ning medals on a lot of guys, and I thoughtat first they was some of the
ball players, but afterwards I seen the ball players in action, and then I
The ball game was across a race track. We started .over, but an offi
cer told us we couldn't cross across thr track for fear of spoiling it
I wished you could have seen it, Harvey. The grass was so long that
Fred Falkenbcrg could of hid himself in it standing up. The American
boys was practicing when we got there and itwas not like, they did not
need it- -
- The game started a hour and a half late and the Americam team scored
in the first inning when they got the bases full up and the empire called
a fourth bill on a guy that was standing as far out of.Uie batter's box as
from here to Petrograd. -
. In "the second inning the Canada boys sort of lit into our pitcher, a
boy named Crowhurst Theyay he was from Philadelphia; andudging
from his control, I would say that lie was a refugee from the Philadelphia
Athletics. He had a No. 3 on the back of his sweater, but the Canada nine
didn't pay noattentioh' to that, and made it four before the inning was
over. ; t " ".' " r
At the end-of the fourth with the score 5 on each sidtf, I. got up and
left on accoimr of illness. , I found out later that the, game was stopped by
' rain at. the end of the. fir A half of the
The ram-came "about two hours,
' The game was probably a record
fielders stopped a ground ball.-.
Truck Squadrons Swoop Down on Camp
Cody Bearing "Eats" jor Army of Nail
Drivers Busy With Construction Rush
The Latest Arrival
KING OF CROPS
Weather Has Been Fine for All
Growing Crops and Pros-
1 pects Are Most Ex
cellent. The weekly crop report of the Bur
lington, having to do with Nebraska
agricultural conditions up to last Sat
urday night, indicates that there . is
almost a certainty of corn remaining
king, so far as' this state is con
cerned, . The crop data gathered by superin
tendens and agents of the Burlington
indicates that last week, except over
a small area in the southwestern cori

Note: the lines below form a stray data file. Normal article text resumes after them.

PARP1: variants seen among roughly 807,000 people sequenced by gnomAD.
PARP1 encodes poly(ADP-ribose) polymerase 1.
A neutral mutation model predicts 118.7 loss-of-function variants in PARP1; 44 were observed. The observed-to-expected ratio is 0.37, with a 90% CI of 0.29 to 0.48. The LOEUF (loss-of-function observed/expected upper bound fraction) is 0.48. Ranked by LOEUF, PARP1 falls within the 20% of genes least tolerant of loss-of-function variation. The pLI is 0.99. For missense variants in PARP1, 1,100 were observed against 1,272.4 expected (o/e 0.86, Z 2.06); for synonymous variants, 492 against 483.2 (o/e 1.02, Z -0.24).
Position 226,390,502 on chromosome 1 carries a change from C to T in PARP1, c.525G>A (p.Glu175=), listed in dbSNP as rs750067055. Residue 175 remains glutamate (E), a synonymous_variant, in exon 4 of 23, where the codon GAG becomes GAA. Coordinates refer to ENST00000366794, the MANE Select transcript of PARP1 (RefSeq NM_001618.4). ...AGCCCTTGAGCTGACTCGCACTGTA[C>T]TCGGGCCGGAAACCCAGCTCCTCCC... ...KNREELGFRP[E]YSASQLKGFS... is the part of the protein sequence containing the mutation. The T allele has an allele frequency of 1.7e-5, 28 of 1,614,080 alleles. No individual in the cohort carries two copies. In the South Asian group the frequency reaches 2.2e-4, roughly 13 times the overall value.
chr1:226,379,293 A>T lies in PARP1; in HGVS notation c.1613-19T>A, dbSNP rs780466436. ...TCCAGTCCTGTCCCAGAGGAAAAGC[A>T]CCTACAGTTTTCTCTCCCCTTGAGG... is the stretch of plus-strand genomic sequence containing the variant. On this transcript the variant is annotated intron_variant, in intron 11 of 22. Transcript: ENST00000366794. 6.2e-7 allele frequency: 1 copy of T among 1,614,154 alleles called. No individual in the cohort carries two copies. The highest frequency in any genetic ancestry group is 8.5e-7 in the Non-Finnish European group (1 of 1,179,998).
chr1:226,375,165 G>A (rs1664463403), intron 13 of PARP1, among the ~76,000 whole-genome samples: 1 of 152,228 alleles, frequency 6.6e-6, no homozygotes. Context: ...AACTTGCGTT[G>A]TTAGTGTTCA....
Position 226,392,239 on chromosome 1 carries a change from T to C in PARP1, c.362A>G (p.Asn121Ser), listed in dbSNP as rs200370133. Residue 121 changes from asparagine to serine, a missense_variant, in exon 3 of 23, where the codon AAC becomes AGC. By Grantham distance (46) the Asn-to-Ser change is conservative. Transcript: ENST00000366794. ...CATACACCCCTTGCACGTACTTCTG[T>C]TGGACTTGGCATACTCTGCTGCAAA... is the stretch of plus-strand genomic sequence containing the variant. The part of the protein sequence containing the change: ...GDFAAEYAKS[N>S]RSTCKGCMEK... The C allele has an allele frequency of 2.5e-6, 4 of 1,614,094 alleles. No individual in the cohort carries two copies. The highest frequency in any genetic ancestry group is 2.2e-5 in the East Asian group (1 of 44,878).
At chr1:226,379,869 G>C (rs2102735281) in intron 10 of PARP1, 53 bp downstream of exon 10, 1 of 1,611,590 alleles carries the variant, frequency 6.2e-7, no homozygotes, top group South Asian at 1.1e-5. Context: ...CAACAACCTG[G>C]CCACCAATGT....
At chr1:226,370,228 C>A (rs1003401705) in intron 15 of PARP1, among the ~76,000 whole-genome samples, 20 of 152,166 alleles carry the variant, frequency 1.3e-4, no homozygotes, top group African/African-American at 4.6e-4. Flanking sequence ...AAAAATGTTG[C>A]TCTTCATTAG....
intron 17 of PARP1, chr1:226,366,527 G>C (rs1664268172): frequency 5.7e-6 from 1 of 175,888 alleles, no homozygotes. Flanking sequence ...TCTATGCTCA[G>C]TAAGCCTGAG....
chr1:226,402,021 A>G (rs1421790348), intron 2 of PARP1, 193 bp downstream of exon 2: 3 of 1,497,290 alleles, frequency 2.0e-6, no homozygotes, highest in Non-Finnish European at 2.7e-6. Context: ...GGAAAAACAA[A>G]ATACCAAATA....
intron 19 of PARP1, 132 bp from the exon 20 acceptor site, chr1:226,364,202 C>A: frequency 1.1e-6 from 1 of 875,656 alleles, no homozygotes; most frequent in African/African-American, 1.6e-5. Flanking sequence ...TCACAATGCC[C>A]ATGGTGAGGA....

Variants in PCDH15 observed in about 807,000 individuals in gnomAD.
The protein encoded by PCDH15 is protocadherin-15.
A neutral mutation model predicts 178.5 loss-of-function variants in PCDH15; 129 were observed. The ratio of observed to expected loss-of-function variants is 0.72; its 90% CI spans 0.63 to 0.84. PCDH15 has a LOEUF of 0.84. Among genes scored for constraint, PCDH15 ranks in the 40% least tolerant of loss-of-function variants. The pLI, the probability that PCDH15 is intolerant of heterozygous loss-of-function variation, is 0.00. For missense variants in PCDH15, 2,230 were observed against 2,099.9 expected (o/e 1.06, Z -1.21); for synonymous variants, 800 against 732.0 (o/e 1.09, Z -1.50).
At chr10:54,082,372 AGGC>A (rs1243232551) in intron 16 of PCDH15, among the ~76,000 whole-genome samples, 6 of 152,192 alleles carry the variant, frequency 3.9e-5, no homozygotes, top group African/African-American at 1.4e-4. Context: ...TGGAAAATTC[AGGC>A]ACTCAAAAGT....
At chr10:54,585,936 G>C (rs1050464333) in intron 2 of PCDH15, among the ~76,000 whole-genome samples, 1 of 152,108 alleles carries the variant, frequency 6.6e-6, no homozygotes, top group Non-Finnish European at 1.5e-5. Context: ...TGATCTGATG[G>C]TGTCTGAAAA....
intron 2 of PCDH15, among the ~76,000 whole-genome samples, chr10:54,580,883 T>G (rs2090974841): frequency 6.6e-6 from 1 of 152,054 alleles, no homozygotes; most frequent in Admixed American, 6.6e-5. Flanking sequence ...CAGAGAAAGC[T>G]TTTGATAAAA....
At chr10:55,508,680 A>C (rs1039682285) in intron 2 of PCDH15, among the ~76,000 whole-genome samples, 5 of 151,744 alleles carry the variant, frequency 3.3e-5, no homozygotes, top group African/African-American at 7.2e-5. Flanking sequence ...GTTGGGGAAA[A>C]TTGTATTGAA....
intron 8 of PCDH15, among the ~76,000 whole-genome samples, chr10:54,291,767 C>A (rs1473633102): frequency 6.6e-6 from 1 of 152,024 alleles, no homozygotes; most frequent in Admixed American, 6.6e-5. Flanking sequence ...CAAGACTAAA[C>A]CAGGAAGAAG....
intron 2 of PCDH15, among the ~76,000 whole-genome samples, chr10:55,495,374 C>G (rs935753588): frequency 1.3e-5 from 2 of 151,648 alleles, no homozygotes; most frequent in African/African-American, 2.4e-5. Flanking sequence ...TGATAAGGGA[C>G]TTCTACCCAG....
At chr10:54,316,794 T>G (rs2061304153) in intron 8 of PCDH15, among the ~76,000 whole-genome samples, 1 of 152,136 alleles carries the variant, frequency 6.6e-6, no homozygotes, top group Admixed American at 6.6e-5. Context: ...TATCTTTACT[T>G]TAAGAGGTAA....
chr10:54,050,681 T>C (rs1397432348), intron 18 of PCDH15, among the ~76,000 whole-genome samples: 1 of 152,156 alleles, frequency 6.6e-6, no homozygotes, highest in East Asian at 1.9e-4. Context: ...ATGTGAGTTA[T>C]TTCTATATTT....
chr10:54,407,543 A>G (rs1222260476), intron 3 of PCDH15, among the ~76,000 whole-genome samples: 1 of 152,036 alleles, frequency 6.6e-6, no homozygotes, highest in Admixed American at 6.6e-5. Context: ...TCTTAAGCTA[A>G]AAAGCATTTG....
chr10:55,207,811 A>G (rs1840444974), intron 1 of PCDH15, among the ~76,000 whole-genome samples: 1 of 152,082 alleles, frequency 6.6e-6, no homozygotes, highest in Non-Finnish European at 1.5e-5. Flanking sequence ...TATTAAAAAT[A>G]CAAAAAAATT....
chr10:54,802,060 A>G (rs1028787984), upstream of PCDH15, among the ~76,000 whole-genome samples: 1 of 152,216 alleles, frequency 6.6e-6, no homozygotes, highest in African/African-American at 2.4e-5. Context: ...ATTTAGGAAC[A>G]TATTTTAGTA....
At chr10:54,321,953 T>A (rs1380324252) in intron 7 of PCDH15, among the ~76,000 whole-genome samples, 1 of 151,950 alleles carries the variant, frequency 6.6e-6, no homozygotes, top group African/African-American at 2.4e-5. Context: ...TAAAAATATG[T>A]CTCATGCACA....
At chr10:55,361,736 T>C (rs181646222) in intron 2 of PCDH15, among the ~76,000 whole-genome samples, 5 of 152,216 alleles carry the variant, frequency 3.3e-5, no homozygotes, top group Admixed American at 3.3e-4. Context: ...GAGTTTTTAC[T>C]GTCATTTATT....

ner of -the state, there was an abun
dance of precipitation, and that now
the only thing required to assure a
bumper corn crop is hot and reason-
(Contlnued on Pnce Two, Column One.)
eighth. . '
- breaker in one respect -none of the
- , .
FT. RILEY READY
FOR COMING OF
Qeneral Wood' Arrives; at Can
tonment Camp,. Where New
National Army from Ne
braska Will Go.
Ballard Dunn of the Union Pacific
in from Fort Riley, Kan.,. where
he went to note the progress being
made on the Army cantonment that
is to receive the Nebraska and otfier
units of . the national army during
their training period. ,;. '
According to Mr Dunn, the can
topment buildings will be ready for
occupancy by .the time the soldiers
arrive there. In fact,, many of them
icr Gk xlecnaA Vood
IN COMMAND AT FORT RILEY
are completed now. Thousands of
workmen are employed on construc
tion, installing sewers and water
mains. The buildings will be heated
from, one central plant with auxiliary
plants that will be used when neces
sary. The heating system is steam.
General Leonard "Wood, who is to
be in command of the Riley canton
ment, was la passenger, on. the train
out from Kansas, City Sunday, and
upon reaching there established per
manent headquarters. The, general
will reside in a new bungalow, located
oaa hill 6verlooking the camp.
?New -Home of the Nebraska
Guardsmen 37 Per Cent Com
pleted, With Work Being
Forced at Top Speed.
Camp Cody, Deming, N. Aug.
27. (Srecial.) If it is true that sol
diers fighting qualities depend on
their meals, it is also true that the